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THACKERAYS COSER.

that was never to care . I see a d o prinetion in this, and I cazes see see " Svea after son and heir diel, with friecieiii mei failed to justify his p ost.

Who was the personaje to rion he mysteriously refers as his adviser? An early friend - Lerer's, and who was much with him at Florence ar tais time, says that Thackeray liad previously inupressed upoa kim the netessity of thrift, and that during his intercourse with Lerer there he is believed to have renewed the friendly counsel; but Thackeray, in these inculcations, had merely echoed advice given over and over by the Rev. John Lever. “ Thackeray had a sincere regard for Charles," adds the Major, “and would say anything to him ;” and he goes on to supply reininiscences of both, which for chronological sequence must needs be reserved.

Despite his disregard of thrift he was, for an author of his fame, singularly moderate in demands on the bounty of publishers. Dickens received for “Silverman's Explanation” and “Holiday Romance "—the work of a few days—and containing about fifteen pages, one thousand pounds! Lever's mistake was that he at all times asked too little.

Thackeray envied Lever's life in Florence, which he pronounced the essence of luxury. One day the cholera came, dealt death around, let panic loose, and draped the streets in mourning. This terrible visitation marked the year 1854. But it is an ill wind that blows no goodthe sanitary state of Florence has evidently been on the

grow on you. Start with something you can do very well without, and you will be astonished to find how many things you now regard as necessaries will drop into that category.'”

It was not so easy to find that which he could so well dispense with ; he liked so many things, and found them all so pleasant. At last he hit upon one. He tells us that a pastime with him had been pistol-practice in a gallery, and that he began his retrenchment by cutting off the daily franc he gave a poor man who used to hold his pony at the door. And henceforth he fastened the bridle to the hook of the window-shutters, or outside “ jalousies.” The poor man's look of dismay went to his heart; but Lever's great friend had told him to prepare for sacrifices. Like one proud of a victory over himself, he stepped boldly on. Was it the consciousness of having done something great in self-denial that steadied his eye and nerved his hand. His first shot struck the very centre, and itself proclaimed the victory by ringing a bell attached to the back of the target, but so uproariously, that his pony, startled by the din, broke away, carrying with him the window frame; “ and all together," wrote Lever, “the repairs amounting to eighty-seven francs, and moro ridicule than I am able to set down. This was my first and last attempt at economy.”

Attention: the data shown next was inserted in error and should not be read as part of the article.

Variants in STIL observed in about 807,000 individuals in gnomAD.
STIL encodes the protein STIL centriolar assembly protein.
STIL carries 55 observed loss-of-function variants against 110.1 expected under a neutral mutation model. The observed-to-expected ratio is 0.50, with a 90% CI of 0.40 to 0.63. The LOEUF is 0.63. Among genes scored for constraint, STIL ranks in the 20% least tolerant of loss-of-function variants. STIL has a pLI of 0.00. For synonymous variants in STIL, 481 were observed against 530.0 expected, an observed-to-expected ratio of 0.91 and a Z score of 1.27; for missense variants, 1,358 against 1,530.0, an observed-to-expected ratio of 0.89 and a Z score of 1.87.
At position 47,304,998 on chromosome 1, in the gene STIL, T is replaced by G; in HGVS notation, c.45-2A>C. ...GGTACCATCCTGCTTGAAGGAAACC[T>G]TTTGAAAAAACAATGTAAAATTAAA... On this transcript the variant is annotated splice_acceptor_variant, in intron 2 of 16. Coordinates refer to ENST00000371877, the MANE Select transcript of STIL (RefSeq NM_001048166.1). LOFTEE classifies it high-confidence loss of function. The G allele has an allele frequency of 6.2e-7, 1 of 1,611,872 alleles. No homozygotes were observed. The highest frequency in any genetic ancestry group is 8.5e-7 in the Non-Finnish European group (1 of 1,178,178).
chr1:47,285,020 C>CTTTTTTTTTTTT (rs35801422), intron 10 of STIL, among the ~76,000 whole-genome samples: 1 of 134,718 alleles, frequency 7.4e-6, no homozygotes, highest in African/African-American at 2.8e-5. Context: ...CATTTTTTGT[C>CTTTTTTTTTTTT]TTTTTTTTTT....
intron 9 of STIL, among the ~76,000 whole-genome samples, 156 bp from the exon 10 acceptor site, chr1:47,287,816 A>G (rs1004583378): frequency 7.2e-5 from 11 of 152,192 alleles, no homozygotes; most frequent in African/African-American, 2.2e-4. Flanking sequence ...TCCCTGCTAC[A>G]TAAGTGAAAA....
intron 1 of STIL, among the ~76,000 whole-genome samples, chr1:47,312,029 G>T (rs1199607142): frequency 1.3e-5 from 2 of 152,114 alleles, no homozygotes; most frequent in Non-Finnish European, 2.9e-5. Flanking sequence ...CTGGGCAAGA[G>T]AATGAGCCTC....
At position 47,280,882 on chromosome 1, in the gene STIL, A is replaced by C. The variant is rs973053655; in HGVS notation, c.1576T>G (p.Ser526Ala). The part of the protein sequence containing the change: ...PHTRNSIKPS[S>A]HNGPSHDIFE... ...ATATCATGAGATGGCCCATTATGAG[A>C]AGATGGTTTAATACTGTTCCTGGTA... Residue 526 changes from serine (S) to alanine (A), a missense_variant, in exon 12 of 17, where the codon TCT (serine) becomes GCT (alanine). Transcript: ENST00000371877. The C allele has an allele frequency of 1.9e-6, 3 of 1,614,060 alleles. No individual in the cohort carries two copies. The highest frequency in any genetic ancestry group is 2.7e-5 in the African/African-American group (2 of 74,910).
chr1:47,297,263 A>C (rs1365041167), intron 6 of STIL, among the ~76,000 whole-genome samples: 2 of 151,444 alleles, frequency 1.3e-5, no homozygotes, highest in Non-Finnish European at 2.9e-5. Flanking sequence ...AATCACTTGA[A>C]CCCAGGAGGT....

The moral which he drew from this and more was that “a life passed in incessant savings and self-denials seems to me as logical a mistake as though a man should persist throughout his whole existence in training for a match

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that was never to come off. I see a good deal of privation in this, and I cannot see the profit.” Soon after his. son and heir died, which further smoothed if it wholly failed to justify his philosophy.

Who was the personage to whom he mysteriously refers as his adviser? An early friend of Lever's, and who was much with him at Florence at this time, says that Thackeray liad previously impressed upon him the necessity of thrift, and that during his intercourse with Lever there he is believed to have renewed the friendly counsel ; but Thackeray, in these inculcations, had merely echoed advice given over and over by the Rev. John Lever. “ Thackeray had a sincere regard for Charles," adds the Major, “and would say anything to him ;” and he goes on to supply reminiscences of both, which for chronological sequence must needs be reserved.